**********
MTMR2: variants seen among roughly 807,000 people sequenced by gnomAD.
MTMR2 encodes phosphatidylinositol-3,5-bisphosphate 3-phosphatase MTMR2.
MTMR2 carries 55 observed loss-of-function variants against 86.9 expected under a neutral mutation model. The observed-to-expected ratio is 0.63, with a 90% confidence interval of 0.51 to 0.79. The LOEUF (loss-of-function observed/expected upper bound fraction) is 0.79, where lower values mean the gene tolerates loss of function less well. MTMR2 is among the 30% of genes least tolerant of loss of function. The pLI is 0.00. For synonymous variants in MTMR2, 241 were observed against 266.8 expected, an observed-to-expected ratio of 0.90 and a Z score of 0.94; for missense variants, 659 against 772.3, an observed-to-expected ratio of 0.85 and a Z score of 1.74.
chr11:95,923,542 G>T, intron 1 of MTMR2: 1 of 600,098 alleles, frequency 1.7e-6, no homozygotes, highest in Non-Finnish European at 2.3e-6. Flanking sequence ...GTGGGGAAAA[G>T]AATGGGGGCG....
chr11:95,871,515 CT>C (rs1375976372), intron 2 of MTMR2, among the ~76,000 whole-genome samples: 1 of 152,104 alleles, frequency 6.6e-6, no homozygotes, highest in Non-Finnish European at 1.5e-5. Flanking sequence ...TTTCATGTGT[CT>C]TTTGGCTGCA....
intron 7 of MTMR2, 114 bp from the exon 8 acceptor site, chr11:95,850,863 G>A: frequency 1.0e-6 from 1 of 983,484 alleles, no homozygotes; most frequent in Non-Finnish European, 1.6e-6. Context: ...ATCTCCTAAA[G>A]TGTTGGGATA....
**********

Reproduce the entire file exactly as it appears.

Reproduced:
MTMR2: variants seen among roughly 807,000 people sequenced by gnomAD.
MTMR2 encodes phosphatidylinositol-3,5-bisphosphate 3-phosphatase MTMR2.
MTMR2 carries 55 observed loss-of-function variants against 86.9 expected under a neutral mutation model. The observed-to-expected ratio is 0.63, with a 90% confidence interval of 0.51 to 0.79. The LOEUF (loss-of-function observed/expected upper bound fraction) is 0.79, where lower values mean the gene tolerates loss of function less well. MTMR2 is among the 30% of genes least tolerant of loss of function. The pLI is 0.00. For synonymous variants in MTMR2, 241 were observed against 266.8 expected, an observed-to-expected ratio of 0.90 and a Z score of 0.94; for missense variants, 659 against 772.3, an observed-to-expected ratio of 0.85 and a Z score of 1.74.
chr11:95,923,542 G>T, intron 1 of MTMR2: 1 of 600,098 alleles, frequency 1.7e-6, no homozygotes, highest in Non-Finnish European at 2.3e-6. Flanking sequence ...GTGGGGAAAA[G>T]AATGGGGGCG....
chr11:95,871,515 CT>C (rs1375976372), intron 2 of MTMR2, among the ~76,000 whole-genome samples: 1 of 152,104 alleles, frequency 6.6e-6, no homozygotes, highest in Non-Finnish European at 1.5e-5. Flanking sequence ...TTTCATGTGT[CT>C]TTTGGCTGCA....
intron 7 of MTMR2, 114 bp from the exon 8 acceptor site, chr11:95,850,863 G>A: frequency 1.0e-6 from 1 of 983,484 alleles, no homozygotes; most frequent in Non-Finnish European, 1.6e-6. Context: ...ATCTCCTAAA[G>A]TGTTGGGATA....